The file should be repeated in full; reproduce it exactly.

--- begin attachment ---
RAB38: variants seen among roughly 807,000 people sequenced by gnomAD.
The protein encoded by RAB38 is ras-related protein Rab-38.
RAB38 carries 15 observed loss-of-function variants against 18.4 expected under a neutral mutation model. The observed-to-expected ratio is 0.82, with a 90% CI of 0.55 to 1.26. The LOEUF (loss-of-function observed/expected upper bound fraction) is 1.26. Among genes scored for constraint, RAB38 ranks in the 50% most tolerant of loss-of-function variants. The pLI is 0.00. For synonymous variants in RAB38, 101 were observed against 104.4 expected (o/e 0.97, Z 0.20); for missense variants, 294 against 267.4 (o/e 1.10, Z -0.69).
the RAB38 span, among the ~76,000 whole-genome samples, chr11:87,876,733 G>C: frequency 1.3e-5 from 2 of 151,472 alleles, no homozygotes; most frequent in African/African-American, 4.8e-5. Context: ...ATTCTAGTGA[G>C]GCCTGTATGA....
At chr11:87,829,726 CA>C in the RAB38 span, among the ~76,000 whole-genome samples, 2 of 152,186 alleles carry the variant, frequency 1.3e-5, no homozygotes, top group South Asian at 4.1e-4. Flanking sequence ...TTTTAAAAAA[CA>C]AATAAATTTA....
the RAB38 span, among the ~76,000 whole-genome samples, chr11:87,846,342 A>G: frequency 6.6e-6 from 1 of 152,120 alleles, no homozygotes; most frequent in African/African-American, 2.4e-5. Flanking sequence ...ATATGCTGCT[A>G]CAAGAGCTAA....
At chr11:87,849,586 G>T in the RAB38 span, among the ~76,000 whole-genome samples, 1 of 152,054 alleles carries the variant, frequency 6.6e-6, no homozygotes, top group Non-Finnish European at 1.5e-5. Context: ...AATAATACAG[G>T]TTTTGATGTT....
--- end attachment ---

RAB38: variants seen among roughly 807,000 people sequenced by gnomAD.
The protein encoded by RAB38 is ras-related protein Rab-38.
RAB38 carries 15 observed loss-of-function variants against 18.4 expected under a neutral mutation model. The observed-to-expected ratio is 0.82, with a 90% CI of 0.55 to 1.26. The LOEUF (loss-of-function observed/expected upper bound fraction) is 1.26. Among genes scored for constraint, RAB38 ranks in the 50% most tolerant of loss-of-function variants. The pLI is 0.00. For synonymous variants in RAB38, 101 were observed against 104.4 expected (o/e 0.97, Z 0.20); for missense variants, 294 against 267.4 (o/e 1.10, Z -0.69).
the RAB38 span, among the ~76,000 whole-genome samples, chr11:87,876,733 G>C: frequency 1.3e-5 from 2 of 151,472 alleles, no homozygotes; most frequent in African/African-American, 4.8e-5. Context: ...ATTCTAGTGA[G>C]GCCTGTATGA....
At chr11:87,829,726 CA>C in the RAB38 span, among the ~76,000 whole-genome samples, 2 of 152,186 alleles carry the variant, frequency 1.3e-5, no homozygotes, top group South Asian at 4.1e-4. Flanking sequence ...TTTTAAAAAA[CA>C]AATAAATTTA....
the RAB38 span, among the ~76,000 whole-genome samples, chr11:87,846,342 A>G: frequency 6.6e-6 from 1 of 152,120 alleles, no homozygotes; most frequent in African/African-American, 2.4e-5. Flanking sequence ...ATATGCTGCT[A>G]CAAGAGCTAA....
At chr11:87,849,586 G>T in the RAB38 span, among the ~76,000 whole-genome samples, 1 of 152,054 alleles carries the variant, frequency 6.6e-6, no homozygotes, top group Non-Finnish European at 1.5e-5. Context: ...AATAATACAG[G>T]TTTTGATGTT....